A Problem Solving and Decision-Making Case Study
Adapted from resources provided by Start Here, Go Places by AICPA
Critical thinking skills are crucial for success in business. This case study helps students further develop those skills by putting them in charge of running a local coffee shop chain. Students will work through real-world business situations by evaluating and making strategic decisions that affect the company’s bottom line.
Each week, you’ll be presented with a situation that requires problem-solving and decision-making. You will discuss the situation and the proposed strategic options for dealing with that situation. In addition to selecting the option you think is best for the company based on the details provided, you will also create lists of additional questions you would ask, information you would need, and factors you should consider in making that decision. Once you have made your decisions and compiled your list, you will write a short discussion about which of the three options would be best for the company. Discussions should revolve around supporting rationale for the best decision, reasoning as to why the other options weren’t as strong and what you were able to come up with for your list.
The Daily Grind Coffeehouse was founded in 2007 by two friends who love nothing more than a hot cup of joe. The company has always prided itself on putting quality first—from the beans they brew to the knowledge and friendliness of people who serve it. Their goal has always been to be the coffee shop that makes the absolute best cup of coffee in town. They strongly believe in fair trade and donate 5% of their profits to support the communities of their farming partners.
Over the last 10 years, The Daily Grind has managed to grow from a single storefront to a local coffee chain with eleven brick-and-mortar locations. The Daily Grind Coffeehouses are decorated with a retro industrial vibe. They feature art and signage that tells the story of their crop-to-cup process and educate customers on various coffee-related topics.
This privately held, LLC offers premium coffee beverages and breakfast items. Each of their cafés average $2,750 in sales per day, with some locations performing much higher than others depending on location, square footage and whether or not they have a drive-thru (all but two locations do). The average transaction is $5.74. Last year, The Daily Grind saw $10,900,000 in total revenue.
As management for The Daily Grind, your team is responsible for evaluating strategic decisions for the company that come down from the owner and CEO. Your advice and input provide direction for the company, so that The Daily Grind can continue to grow its profits.
Welcome to the Coffee House Part 2
The owner of the strip center where one of The Daily Grind’s stores is located recently reached out with a business proposition. The tenants in the unit next door are not renewing their lease, so the landlord has offered it to The Daily Grind to expand their current location. In light of recent changes in corporate tax rates, The Daily Grind has enough to invest in the expansion of this location. With this being one of the company’s two locations without a drive-thru (since it’s in the middle of a strip center), the idea of expanding their footprint in this well-trafficked shopping destination is particularly appealing. In fact, this expansion would make this location The Daily Grind’s largest by far. The executive team has decided to lease the unit next door but is still debating the best use of this additional space. Based on their ideas, which option would you recommend?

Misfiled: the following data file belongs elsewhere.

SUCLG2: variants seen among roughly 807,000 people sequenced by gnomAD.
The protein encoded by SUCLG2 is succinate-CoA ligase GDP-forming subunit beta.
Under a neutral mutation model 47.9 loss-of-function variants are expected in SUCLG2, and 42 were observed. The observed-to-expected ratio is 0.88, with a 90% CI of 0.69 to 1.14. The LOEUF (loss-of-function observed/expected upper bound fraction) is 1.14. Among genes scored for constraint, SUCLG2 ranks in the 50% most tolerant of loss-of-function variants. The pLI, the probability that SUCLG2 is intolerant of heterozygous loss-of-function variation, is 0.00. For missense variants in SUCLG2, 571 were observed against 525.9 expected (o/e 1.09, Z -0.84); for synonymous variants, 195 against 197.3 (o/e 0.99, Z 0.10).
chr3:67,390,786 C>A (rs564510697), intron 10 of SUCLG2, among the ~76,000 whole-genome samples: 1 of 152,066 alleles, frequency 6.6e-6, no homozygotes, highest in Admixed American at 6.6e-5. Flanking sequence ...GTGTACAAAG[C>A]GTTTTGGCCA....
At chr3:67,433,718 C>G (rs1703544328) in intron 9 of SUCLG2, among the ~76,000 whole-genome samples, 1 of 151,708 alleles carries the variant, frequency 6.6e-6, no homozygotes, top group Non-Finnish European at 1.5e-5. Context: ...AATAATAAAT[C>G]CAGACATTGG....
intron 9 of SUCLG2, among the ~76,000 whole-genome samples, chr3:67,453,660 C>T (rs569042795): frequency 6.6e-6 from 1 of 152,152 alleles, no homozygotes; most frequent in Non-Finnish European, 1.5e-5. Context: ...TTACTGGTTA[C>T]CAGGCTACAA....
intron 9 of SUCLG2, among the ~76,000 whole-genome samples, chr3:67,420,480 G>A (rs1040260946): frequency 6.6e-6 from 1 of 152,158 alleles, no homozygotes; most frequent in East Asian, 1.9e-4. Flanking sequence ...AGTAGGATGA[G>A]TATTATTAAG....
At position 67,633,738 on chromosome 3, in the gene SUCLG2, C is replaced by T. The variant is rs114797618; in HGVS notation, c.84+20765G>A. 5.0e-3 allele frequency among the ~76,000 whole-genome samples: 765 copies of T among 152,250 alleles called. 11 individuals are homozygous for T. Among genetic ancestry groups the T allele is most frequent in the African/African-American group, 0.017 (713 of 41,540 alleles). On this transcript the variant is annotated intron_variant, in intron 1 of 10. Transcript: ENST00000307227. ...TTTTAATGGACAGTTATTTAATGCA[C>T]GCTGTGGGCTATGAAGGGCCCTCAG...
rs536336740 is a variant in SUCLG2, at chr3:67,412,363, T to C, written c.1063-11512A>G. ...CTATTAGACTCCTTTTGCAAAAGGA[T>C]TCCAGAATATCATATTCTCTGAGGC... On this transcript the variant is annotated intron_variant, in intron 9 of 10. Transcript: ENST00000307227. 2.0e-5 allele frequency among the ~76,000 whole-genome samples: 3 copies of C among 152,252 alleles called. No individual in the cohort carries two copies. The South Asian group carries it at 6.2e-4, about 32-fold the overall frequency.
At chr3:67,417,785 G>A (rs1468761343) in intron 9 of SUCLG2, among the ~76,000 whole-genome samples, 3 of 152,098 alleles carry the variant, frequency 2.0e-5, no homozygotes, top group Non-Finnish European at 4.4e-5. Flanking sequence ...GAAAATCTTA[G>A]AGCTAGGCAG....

A.) Make this location into a specialty store. This direction would also allow for expansion of the current café’s seating area to accommodate more guests. The specialty store would sell a wide variety of coffee brewing products, from single-serving French presses all the way to high-end espresso machines, books, mugs, other coffee-related accessories, and branded merchandise. The cost associated with this build out would include additional tables and chairs, shelfing and cabinets for merchandise, an additional counter and register, as well as the wholesale cost of the products for the store. Staffing for this location would need to increase to employ cashiers in the new portion of the store.
B.) Turn this location into a training store. In this approach, the extra square footage would be used to create a sort of mock café that somewhat mirrors the existing space but is used exclusively for training all new employees. A second counter and service line with a register would be added to the new area along with extra tables and seating for written portions of training, testing, and tasting—in addition to guest overflow from the original store. Two fulltime trainers would need to be hired. The hard costs associated with this build out would be similar to a new store, minus the cost of the kitchen and deep storage for product.
C.) Add an in-house bakery to this location. Another way to utilize the space would be to turn it into a bakery, which would provide product to this store and all of The Daily Grind’s locations moving forward. This approach would also allow for a small increase in the size of the café seating area for guests. The build out cost would be higher than the other two options, as it would include a separate kitchen with multiple ovens, industrial-sized mixers, and other equipment as well as baking supplies, utensils, etc. This would also require specialized labor in the form of bakers to operate this portion of the store.
A Problem Solving and Decision-Making Case Study